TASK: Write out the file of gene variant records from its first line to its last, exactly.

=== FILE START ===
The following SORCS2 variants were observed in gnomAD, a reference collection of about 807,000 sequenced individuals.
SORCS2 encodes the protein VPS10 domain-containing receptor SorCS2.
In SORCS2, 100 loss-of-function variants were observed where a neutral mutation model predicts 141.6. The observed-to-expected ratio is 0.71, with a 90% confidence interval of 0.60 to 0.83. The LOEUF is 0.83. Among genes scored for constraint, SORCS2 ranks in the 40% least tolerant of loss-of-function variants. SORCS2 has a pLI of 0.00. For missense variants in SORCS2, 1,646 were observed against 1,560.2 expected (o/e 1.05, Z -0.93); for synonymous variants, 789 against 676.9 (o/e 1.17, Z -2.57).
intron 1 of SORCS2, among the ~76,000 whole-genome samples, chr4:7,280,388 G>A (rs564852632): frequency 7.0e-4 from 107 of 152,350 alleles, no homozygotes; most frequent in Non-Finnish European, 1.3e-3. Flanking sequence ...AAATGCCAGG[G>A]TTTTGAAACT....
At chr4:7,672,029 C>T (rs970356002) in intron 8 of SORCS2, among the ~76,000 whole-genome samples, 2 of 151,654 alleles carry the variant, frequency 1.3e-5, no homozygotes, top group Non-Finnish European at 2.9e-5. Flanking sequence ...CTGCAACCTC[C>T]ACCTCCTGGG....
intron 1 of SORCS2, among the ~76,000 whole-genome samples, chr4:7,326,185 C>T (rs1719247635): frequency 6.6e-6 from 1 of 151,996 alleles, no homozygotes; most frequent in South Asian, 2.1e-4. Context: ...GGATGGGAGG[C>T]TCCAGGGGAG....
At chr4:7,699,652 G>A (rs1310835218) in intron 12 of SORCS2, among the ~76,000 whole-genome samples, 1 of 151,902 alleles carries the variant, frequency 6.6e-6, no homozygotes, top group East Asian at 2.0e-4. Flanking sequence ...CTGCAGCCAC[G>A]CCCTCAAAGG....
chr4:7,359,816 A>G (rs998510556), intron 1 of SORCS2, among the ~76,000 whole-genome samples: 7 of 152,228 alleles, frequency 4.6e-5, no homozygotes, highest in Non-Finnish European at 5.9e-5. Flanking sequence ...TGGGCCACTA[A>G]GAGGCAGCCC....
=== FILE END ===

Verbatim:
The following SORCS2 variants were observed in gnomAD, a reference collection of about 807,000 sequenced individuals.
SORCS2 encodes the protein VPS10 domain-containing receptor SorCS2.
In SORCS2, 100 loss-of-function variants were observed where a neutral mutation model predicts 141.6. The observed-to-expected ratio is 0.71, with a 90% confidence interval of 0.60 to 0.83. The LOEUF is 0.83. Among genes scored for constraint, SORCS2 ranks in the 40% least tolerant of loss-of-function variants. SORCS2 has a pLI of 0.00. For missense variants in SORCS2, 1,646 were observed against 1,560.2 expected (o/e 1.05, Z -0.93); for synonymous variants, 789 against 676.9 (o/e 1.17, Z -2.57).
intron 1 of SORCS2, among the ~76,000 whole-genome samples, chr4:7,280,388 G>A (rs564852632): frequency 7.0e-4 from 107 of 152,350 alleles, no homozygotes; most frequent in Non-Finnish European, 1.3e-3. Flanking sequence ...AAATGCCAGG[G>A]TTTTGAAACT....
At chr4:7,672,029 C>T (rs970356002) in intron 8 of SORCS2, among the ~76,000 whole-genome samples, 2 of 151,654 alleles carry the variant, frequency 1.3e-5, no homozygotes, top group Non-Finnish European at 2.9e-5. Flanking sequence ...CTGCAACCTC[C>T]ACCTCCTGGG....
intron 1 of SORCS2, among the ~76,000 whole-genome samples, chr4:7,326,185 C>T (rs1719247635): frequency 6.6e-6 from 1 of 151,996 alleles, no homozygotes; most frequent in South Asian, 2.1e-4. Context: ...GGATGGGAGG[C>T]TCCAGGGGAG....
At chr4:7,699,652 G>A (rs1310835218) in intron 12 of SORCS2, among the ~76,000 whole-genome samples, 1 of 151,902 alleles carries the variant, frequency 6.6e-6, no homozygotes, top group East Asian at 2.0e-4. Flanking sequence ...CTGCAGCCAC[G>A]CCCTCAAAGG....
chr4:7,359,816 A>G (rs998510556), intron 1 of SORCS2, among the ~76,000 whole-genome samples: 7 of 152,228 alleles, frequency 4.6e-5, no homozygotes, highest in Non-Finnish European at 5.9e-5. Flanking sequence ...TGGGCCACTA[A>G]GAGGCAGCCC....